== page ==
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Lepelmeier: interest rates ruin German strategy

German institutional investors face an urgent need to reconsider their bond-heavy investment strategies, argues Dirk Lepelmeier, a former investment head at one of the country’s largest pension funds.

Herr Prof Dr Dirk Lepelmeier, to use his appropriate German titles, would rather be addressed as Dirk. That might be of no surprise to many, but it is actually no small statement in a country where accumulated academic appellations are often regarded as sacrosanct.

Lepelmeier, who has a wealth of insight into the German investment industry with 20 years at Dresdner Bank and over 15 years as head of investments at the €10-billion ($13.7-billion) Nordrheinische Aerzteversorgung (NAEV), might be entitled to another name though – Mr Diversification.

Having recently started an independent consultancy, Lepelmeier is seeking to advise Germany’s investors to reach out of their bond-heavy comfort zones. Around 70 to 80 per cent of institutional portfolios in Germany – and notably some other continental European countries – are invested in fixed income, reckons Lepelmeier, a position he calls “extreme”. This has left funds at the mercy of interest rates and “since 2008 interest rates have not been market driven, they have been politically driven”.

“I feel very strongly that we will have very low interest rates for an extended period of time,” argues Lepelmeier. He foresees central banks intervening to keep future increases of rates to a minimum in order to serve government debt refinancing. Few German funds can therefore expect to gain returns of more than 2 to 3 per cent for the years ahead, he forecasts.

Lepelmeier has scrutinised the possible course of action for politicians in a low-interest rate environment in the coming years. “Whatever politicians do, the only answer for investors is to diversify,” he says.

Equity fears and the heart of the devil

Lepelmeier says German investors are already being forced to diversify away from fixed-income investments, but have a long way to go. “With average equity allocation for German investors around 5 to 8 per cent, they have to overcome their reluctance towards equity markets,” says Lepelmeier.

A poor regard for returns on equity risk has been a feature of the history of German investing, points out Lepelmeier. German investors must also work against regulations that effectively penalise equity holdings in favor of bond investments, he adds. Finally, he feels there is fundamentally less faith in markets in Germany than in major English-speaking countries. “We will invest in equities, but there is always some reluctance at the back of you head, and that keeps allocations low,” Lepelmeier reflects.

Real estate, infrastructure and refinancing are other asset classes in Lepelmeier’s prescription for diversification for German institutional investors.

Real estate is a well established asset class in Germany, but infrastructure arguably has great potential for development – in common with many other institutional investment markets. “In Germany we have to appreciate that our infrastructure is getting old and investment is not coming in quickly enough,” he says. Lepelmeier feels that greater political awareness is likely to result in some incentives being offered to German investors to get involved in infrastructure, either via direct investing or refinancing.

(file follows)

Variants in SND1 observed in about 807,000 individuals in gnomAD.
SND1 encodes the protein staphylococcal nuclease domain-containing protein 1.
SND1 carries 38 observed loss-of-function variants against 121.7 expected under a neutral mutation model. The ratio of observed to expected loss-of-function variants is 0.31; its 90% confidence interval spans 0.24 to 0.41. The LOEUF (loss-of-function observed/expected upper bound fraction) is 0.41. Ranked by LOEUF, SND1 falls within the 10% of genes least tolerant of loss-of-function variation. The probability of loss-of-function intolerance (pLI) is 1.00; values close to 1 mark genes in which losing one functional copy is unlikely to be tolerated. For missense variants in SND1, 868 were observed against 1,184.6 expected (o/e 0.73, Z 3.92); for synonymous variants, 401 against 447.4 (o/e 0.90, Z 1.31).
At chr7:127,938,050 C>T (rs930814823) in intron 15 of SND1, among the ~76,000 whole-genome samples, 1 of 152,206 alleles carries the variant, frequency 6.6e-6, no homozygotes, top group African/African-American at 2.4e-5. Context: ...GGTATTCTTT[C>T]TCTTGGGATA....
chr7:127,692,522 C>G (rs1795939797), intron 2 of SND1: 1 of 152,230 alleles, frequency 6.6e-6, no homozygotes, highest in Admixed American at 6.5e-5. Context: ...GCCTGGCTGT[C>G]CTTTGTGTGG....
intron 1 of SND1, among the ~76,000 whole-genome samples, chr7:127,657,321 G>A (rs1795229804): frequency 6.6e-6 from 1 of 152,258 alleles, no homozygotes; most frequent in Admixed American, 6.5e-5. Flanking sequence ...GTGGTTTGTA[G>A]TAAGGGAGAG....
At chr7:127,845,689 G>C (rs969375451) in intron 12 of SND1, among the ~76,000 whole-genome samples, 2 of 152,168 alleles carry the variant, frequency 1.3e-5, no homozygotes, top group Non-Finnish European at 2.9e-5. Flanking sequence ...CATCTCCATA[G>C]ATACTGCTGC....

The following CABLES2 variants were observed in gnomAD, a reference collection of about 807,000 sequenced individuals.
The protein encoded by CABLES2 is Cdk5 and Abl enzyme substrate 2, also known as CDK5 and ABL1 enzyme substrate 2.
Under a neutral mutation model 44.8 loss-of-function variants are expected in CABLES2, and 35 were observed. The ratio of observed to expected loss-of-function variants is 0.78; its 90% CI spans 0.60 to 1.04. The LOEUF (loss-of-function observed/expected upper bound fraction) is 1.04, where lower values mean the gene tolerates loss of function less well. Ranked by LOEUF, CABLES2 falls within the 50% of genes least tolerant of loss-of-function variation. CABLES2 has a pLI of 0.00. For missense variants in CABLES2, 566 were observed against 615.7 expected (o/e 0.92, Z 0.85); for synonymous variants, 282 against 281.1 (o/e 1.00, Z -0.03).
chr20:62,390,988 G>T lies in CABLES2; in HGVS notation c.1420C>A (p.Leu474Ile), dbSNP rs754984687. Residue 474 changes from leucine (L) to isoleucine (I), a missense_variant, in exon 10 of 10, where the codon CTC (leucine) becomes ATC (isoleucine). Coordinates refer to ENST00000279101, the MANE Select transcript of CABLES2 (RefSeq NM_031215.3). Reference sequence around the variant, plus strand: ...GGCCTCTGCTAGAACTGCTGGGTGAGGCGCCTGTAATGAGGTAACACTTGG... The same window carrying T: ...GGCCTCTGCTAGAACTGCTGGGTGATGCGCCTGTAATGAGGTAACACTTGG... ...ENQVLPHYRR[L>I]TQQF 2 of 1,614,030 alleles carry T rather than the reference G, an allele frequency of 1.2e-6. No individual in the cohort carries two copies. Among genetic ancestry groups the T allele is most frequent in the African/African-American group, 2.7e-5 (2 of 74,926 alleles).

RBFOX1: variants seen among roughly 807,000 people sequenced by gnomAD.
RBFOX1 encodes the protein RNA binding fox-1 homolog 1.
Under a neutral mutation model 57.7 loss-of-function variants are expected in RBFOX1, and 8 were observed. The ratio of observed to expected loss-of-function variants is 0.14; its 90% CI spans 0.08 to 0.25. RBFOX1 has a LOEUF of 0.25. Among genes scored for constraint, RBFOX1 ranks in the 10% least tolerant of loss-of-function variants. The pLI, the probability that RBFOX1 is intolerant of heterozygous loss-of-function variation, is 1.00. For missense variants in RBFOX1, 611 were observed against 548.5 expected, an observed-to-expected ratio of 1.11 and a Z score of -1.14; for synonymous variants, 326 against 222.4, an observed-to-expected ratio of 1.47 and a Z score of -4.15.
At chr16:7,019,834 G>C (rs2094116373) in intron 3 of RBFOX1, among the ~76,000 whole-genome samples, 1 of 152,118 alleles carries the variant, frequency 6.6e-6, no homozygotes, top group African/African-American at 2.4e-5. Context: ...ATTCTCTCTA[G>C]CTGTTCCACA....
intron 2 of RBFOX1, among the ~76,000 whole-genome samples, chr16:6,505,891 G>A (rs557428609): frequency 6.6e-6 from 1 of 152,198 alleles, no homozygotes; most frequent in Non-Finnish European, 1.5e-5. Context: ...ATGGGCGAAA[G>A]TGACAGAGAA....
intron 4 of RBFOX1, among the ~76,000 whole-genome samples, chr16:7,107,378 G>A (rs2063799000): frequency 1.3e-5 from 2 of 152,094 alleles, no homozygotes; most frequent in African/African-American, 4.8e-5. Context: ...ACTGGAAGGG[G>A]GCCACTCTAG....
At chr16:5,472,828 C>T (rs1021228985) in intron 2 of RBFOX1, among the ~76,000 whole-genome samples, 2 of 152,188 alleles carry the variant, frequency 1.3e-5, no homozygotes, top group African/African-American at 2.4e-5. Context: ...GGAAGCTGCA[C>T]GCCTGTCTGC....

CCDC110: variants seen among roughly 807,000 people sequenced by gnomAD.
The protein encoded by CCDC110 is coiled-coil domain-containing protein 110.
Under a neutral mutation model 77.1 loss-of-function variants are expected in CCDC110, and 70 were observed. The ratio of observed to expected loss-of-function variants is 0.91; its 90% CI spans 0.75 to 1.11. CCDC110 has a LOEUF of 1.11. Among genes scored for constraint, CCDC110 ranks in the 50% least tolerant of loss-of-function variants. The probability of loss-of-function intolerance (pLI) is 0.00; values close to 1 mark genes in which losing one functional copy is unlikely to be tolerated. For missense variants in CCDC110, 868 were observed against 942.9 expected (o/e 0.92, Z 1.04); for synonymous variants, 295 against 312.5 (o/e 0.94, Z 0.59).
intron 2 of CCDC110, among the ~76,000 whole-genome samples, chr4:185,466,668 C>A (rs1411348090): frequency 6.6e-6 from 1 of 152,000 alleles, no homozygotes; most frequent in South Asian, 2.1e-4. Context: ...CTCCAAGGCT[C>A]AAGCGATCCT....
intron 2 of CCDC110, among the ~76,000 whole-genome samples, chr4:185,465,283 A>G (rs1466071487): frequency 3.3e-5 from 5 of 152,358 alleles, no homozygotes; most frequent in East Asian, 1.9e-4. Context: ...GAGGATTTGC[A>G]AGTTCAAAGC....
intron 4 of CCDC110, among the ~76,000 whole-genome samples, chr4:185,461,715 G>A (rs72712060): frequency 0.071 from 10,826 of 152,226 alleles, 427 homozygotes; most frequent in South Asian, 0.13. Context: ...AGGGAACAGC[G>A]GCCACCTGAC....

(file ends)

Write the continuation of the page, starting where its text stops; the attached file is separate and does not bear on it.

With the pressures being placed on their strategies by interest rates, there clearly could be a possibility for German investors to benefit from interest rate derivatives. Lepelmeier feels that inevitable fluctuations in interest rates, no matter if they remain pinned down, will open up a chance to benefit from long-short interest rate strategies.

“You don’t have to just buy bonds, put them in the cellar and pick them up after 10 years when the bell rings. We have to be a bit cleverer,” reflects Lepelmeier after suggesting the long-short ploy. Nonetheless he doesn’t have too many hopes of the long-short technique taking off everywhere, adding: “If equity holdings are close to the devil, then long-short strategies are the heart of the devil as far as many German investors are concerned.” Some larger investors that have been relatively open to hedge funds, such as the $75-billion Bayerische Versorgungskammer, could position themselves to benefit though, he says.

Another crisis ahead?

Lepelmeier is hopeful that German investors can gradually diversify, saying “they are already on a learning curve like investors in other countries; it’s just that the radius isn’t necessarily very big”.

His future market outlook is as pessimistic as his view on interest rates though, placing doubts on whether diversification will be quick enough.

“If you survive a crisis you try to learn from it, but after 08/09 all there have been are minor changes,” says Lepelmeier. “Politicians were desperate to avoid burdening citizens across Western Europe, so looked to plan around the problem rather than solve it,” he argues. He thinks tougher action on complex engineered products on bank balance sheets has been needed.

“With these risks still there, I think the next crisis will arrive within the next 10 years,” argues Lepelmeier. Together with diversifying, he urges investors to run models into predicting political action in the same way they traditionally monitor interest rates and equity prices.

“You have to be bold and stubborn” to diversify given the regulatory pushes, says Lepelmeier, and ultimately only time will tell whether German investors take up this call.

 

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